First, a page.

Important Cultural Properties of Japan

item judged by the Agency for Cultural Affairs to be of particular importance to the Japanese people

Important Cultural Properties of Japan (重要文化財, jūyō bunkazai, important cultural properties)[note 1] is a list of items made by the Japanese Agency for Cultural Affairs. These are places and things that are especially important to the Japanese people.[1]

Sankei-en's Rinshunkaku in Yokohama is a nationally designated Important Cultural Property

Types of Cultural PropertiesEdit

Japan's government made a Law for the Protection of Cultural Properties a "designation system" (指定制度) to protect its culture. It chooses important items and names them as Cultural Properties[note 2] The law sets rules about changing, repairing, or exporting these items.[1]

There is also "registration system" (登録制度), which sets a lower level of protection and support for Registered Cultural Properties than for Designated Cultural Properties.

There are different levels of designation. Designation can be at a city (市定重要文化財, city designated Important Cultural Property), prefectural (県定重要文化財, prefecturally designated Important Cultural Property) or national (国定重要文化財, nationally designated Important Cultural Property) level.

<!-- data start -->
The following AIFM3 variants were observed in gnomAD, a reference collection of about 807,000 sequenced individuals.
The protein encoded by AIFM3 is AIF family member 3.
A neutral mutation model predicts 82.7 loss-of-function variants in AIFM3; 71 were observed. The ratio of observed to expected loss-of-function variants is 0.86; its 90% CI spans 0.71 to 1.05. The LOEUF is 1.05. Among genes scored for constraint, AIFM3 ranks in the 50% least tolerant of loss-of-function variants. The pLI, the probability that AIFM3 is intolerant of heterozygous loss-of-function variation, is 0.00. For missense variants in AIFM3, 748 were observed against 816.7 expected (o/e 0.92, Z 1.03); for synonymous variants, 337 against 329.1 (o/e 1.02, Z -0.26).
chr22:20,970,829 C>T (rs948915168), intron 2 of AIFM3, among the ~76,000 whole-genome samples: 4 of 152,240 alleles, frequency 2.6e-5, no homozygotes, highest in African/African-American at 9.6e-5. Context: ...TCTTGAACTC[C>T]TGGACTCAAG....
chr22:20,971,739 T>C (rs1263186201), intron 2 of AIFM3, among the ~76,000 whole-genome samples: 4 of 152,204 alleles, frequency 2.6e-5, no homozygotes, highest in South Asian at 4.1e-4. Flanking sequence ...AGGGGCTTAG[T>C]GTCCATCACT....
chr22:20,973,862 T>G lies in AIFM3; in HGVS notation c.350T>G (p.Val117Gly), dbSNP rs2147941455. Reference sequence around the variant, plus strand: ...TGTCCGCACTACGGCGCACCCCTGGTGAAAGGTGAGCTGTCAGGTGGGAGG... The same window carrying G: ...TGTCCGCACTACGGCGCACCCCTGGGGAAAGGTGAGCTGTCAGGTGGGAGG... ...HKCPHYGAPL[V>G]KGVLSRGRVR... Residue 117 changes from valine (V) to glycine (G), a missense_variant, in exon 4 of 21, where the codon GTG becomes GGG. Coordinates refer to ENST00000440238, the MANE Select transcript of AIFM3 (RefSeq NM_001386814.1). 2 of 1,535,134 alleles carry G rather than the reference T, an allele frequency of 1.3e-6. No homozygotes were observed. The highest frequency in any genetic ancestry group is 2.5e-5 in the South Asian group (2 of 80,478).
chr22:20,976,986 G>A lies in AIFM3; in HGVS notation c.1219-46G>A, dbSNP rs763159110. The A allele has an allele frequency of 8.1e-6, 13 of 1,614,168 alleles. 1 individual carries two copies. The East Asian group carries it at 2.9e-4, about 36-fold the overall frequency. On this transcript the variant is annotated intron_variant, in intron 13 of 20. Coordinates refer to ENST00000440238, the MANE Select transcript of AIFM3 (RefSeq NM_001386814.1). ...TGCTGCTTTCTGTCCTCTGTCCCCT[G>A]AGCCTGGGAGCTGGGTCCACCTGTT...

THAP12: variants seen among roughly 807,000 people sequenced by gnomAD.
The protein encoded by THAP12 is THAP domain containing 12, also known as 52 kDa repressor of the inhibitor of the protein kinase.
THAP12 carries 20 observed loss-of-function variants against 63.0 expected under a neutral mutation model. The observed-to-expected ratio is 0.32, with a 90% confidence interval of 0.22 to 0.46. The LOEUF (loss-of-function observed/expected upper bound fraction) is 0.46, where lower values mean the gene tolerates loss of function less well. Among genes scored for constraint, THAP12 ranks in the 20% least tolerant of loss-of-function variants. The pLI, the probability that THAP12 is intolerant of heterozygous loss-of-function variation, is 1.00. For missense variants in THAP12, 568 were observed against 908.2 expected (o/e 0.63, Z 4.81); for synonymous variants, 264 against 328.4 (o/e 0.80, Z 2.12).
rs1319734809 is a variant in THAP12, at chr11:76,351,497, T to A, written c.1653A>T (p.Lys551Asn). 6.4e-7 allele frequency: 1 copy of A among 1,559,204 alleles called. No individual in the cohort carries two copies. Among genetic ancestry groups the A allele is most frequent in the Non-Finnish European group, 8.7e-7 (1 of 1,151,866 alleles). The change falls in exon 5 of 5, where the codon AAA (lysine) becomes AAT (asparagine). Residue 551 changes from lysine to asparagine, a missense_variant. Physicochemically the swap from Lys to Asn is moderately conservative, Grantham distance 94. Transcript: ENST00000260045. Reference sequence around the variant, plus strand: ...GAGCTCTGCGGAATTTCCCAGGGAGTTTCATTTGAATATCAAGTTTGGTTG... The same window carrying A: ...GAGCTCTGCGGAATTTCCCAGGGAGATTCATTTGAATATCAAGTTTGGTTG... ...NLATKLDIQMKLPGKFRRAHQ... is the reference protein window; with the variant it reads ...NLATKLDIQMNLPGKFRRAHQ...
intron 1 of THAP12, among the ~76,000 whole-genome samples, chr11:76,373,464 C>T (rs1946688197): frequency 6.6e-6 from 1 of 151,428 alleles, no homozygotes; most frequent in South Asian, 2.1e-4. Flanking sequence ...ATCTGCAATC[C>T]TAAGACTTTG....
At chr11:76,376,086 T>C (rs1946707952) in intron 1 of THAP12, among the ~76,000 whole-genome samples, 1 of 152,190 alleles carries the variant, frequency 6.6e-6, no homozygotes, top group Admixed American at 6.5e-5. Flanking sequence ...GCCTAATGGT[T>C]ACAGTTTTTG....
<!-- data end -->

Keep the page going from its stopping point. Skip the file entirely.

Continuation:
Designations of a different level can coexist. For example, Sankei-en, a traditional Japanese-style garden in Naka Ward, Yokohama, owns both city designated and nationally designated Important Cultural Properties.[2]

Some Important Cultural Properties of JapanEdit

NotesEdit

  1. The term is often shortened into just jūbun (重文)
  2. In this article, capitals indicate an official designation as opposed to a simple, unofficial definition, e.g. "Cultural Properties" as opposed to "cultural properties".

ReferencesEdit

  1. 1.0 1.1 "Cultural Properties for Future Generations" (PDF). Administration of Cultural Affairs in Japan ― Fiscal 2009. Agency for Cultural Affairs. 2007-06. Check date values in: |date= (help)
  2. Yokohama Sankei Garden, Sankei-en's official site accessed on November 3, 2009 (in Japanese)